US President Joe Biden (R) and Polish President Andrzej Duda (L) review a military honour guard during an official welcoming ceremony prior to a meeting in Warsaw on March 26, 2022.
Brendan SMIALOWSKI-AFP
Ideas
March 28, 2022 3:34 PM EDT
Colby is a principal at The Marathon Initiative. He is the author of The Strategy of Denial: American Defense in an Age of Great Power Conflict from Yale University Press.

Russia’s abhorrent invasion of Ukraine has led to an upswing in support for a larger U.S. defense budget. This is good. If the U.S. is to credibly underwrite a sensible national security strategy in an era of great power rivalry, the nation needs to spend more on its military.

Some prominent voices are going beyond just pushing for more spending on defense, though, to argue that the U.S. can and therefore should re-adopt an approach of global military dominance, with armed forces able to simultaneously defeat even our most powerful adversaries. This is akin to the policy that the U.S. pursued in the 1990s, after the collapse of the Soviet Union.

While, higher defense spending is necessary, though, it will not relieve us of the need for a clear strategy, because even significant such increases will not be sufficient to restore the global military dominance we enjoyed in an era without great power rivals. This need is even more pronounced, as the defense budget proposal the Biden Administration just released marks only a 4% nominal—that is, not counting inflation—increase over last year’s enacted total. Instead, we need to reckon with the military version of what economists term “scarcity” and prioritize accordingly, focusing on China as our primary challenge.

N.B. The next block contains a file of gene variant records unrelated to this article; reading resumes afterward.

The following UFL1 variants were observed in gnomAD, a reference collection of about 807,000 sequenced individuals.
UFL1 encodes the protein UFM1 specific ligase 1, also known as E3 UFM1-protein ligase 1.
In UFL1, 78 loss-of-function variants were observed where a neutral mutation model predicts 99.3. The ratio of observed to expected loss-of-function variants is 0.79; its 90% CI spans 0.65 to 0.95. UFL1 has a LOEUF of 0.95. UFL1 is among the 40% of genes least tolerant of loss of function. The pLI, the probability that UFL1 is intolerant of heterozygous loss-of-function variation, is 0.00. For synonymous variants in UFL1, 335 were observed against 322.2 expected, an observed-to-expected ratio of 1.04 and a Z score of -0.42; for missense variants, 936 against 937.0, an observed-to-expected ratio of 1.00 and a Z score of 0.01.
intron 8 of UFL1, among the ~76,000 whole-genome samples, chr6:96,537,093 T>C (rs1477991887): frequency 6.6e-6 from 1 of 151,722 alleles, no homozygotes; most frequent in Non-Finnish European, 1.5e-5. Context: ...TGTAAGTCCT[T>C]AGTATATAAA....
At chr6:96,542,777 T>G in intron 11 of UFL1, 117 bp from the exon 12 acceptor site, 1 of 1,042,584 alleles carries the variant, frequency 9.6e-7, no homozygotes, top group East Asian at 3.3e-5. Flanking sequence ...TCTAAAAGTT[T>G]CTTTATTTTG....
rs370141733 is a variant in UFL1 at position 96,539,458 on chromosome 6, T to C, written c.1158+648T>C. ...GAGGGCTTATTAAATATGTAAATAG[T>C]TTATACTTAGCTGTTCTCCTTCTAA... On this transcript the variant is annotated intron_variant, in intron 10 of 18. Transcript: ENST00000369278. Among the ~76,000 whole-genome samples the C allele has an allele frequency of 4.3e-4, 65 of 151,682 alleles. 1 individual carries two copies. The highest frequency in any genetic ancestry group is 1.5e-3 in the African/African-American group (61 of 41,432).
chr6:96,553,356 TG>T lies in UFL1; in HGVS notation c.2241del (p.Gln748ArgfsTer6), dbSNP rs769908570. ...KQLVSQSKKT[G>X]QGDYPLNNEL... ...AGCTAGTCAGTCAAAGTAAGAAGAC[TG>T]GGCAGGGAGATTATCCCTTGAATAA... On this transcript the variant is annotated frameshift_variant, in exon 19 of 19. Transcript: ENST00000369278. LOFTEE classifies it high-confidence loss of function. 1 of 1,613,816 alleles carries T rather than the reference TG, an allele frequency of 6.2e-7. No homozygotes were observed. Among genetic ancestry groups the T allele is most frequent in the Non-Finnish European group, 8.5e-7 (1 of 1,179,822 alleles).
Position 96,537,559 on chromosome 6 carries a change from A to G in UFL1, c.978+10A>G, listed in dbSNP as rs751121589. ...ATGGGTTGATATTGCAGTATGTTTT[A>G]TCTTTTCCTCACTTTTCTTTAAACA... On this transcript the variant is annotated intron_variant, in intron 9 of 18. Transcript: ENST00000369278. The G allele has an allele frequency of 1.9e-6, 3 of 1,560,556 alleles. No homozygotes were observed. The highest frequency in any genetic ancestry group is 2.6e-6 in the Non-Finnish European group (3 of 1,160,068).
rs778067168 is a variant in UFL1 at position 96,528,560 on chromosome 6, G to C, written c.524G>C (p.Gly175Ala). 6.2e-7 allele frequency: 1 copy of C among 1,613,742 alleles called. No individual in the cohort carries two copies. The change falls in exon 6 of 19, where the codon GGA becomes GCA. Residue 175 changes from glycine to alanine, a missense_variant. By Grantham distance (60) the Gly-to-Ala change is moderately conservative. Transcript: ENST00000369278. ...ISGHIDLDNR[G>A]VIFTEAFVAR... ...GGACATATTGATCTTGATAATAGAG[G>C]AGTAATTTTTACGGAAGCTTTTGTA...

The military scarcity we now face is most acute and consequential in our ability to fight major wars with China and Russia in anything like concurrent timeframes. As a practical matter, we lack enough of the key capabilities—such as penetrating bombers, attack submarines, advanced munitions, and the right reconnaissance platforms—to defeat them both at the same time. There are serious questions whether we have enough of some of these key capabilities even to beat one of them, especially China over, for instance, Taiwan. And the fact that we would have to plan that any such war with China or Russia could very well escalate to the nuclear level would only exacerbate these challenges. This means that, if we get in a war with one, we cannot reasonably expect to prevail against the other until we regenerate and reposture our forces.

This problem is made more pointed by the deepening Sino-Russian entente, which suggests these two powers will be more likely to coordinate their attacks to capitalize on our deficiencies. At the same time, we face other threats from North Korea, Iran, transnational terrorists, and possibly others—and they may also try to take advantage of our vulnerabilities.